Question: How is GERD (gastroesophageal reflux disease) diagnosed?
Answer: Patients with typical symptoms of GERD, such as heartburn and regurgitation, can be diagnosed with a visit to their physician and a quick history and physical examination. Patients with more severe disease or disease that is resistant to treatment with medications often require more invasive testing. The first line test is an upper endoscopy. This is a procedure in which a tube with a camera on the end is inserted through the mouth into the lower esophagus to visualize the lining of the esophagus.
Patients with bad reflux will have severe esophagitis which is an inflammation of this lining or can have evidence of long term complications such as a stricture or Barret's esophagus, in which the lining of the esophagus changes from one cell type to another. The gold standard for diagnosis of gastroesophageal reflux is with acid PH monitoring. These tests occur with either a wireless or catheter-based technique in which a patients 24 hour acid exposure is measured by placing a sensor in the distal esophagus.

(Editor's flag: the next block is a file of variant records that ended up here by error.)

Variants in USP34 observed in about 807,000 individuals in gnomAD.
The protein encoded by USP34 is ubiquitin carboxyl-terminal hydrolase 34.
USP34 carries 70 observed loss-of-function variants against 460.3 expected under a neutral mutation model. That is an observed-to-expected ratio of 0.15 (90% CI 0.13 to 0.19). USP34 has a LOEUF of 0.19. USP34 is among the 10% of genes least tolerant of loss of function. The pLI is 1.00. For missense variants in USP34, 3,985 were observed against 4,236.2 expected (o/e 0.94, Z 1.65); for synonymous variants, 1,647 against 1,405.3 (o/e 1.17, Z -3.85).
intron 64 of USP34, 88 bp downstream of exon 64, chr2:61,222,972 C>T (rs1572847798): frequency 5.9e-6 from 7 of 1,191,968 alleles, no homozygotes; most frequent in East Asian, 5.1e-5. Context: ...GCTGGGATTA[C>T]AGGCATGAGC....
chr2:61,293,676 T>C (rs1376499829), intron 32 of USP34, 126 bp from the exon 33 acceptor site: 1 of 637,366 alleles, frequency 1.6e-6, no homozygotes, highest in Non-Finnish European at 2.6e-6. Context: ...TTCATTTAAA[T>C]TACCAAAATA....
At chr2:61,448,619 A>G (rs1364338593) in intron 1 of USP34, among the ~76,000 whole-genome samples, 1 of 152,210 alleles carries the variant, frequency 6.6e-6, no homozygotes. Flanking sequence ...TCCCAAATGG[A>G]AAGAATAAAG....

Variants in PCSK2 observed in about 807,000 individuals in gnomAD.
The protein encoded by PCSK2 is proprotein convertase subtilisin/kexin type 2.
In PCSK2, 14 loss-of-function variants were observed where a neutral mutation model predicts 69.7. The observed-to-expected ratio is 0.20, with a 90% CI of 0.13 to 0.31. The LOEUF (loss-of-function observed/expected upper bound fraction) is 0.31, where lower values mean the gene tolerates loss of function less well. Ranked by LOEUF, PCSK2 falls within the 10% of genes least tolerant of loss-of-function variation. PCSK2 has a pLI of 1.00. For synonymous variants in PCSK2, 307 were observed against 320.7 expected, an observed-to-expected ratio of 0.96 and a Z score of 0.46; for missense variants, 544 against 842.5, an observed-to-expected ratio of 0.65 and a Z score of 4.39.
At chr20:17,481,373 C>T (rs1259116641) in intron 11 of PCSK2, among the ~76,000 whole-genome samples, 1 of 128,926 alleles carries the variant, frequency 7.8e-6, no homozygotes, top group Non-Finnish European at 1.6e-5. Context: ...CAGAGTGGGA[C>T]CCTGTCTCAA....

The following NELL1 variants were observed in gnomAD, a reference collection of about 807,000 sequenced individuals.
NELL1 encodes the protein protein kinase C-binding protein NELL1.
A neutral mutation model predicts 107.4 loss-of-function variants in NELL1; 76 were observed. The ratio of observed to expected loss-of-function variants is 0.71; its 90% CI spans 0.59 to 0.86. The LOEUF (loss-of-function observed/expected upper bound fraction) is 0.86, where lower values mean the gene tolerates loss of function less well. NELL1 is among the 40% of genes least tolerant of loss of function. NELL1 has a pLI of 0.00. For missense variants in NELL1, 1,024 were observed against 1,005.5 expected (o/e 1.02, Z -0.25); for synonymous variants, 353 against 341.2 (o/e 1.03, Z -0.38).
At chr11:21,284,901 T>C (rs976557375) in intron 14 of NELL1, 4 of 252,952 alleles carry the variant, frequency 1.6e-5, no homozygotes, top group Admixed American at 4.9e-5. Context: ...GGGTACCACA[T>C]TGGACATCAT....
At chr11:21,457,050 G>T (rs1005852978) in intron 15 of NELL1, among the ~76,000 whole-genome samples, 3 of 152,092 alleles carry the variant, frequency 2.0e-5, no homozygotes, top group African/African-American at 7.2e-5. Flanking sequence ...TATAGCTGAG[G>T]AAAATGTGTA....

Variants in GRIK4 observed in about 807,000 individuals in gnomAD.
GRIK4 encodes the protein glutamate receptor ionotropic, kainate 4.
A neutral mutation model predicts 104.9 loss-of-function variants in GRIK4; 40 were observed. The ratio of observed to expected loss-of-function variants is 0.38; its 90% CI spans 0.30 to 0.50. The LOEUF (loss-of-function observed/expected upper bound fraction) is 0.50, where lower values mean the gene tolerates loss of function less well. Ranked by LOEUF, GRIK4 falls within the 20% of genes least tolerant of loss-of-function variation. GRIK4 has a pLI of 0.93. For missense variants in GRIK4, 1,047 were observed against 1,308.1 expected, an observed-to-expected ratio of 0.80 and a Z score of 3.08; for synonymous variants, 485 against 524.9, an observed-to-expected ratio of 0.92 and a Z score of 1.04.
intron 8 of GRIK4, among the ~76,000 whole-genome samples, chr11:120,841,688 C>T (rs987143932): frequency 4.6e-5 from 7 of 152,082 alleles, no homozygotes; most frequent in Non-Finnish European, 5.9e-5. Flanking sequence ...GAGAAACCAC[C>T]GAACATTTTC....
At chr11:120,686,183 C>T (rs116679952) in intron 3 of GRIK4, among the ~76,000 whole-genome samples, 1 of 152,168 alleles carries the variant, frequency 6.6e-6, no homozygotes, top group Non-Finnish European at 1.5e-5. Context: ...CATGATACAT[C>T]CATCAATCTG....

The distal esophagus is the lower part of the esophagus where reflux is more likely to occur. Patients typically have a catheter placed and have this in place for 24 hours during which time they're advised to return to their normal everyday activities and diet. After completion of this testing, a physician will interpret the results in the office and give a patient a reading on whether the reflux is severe or whether medications may be enough.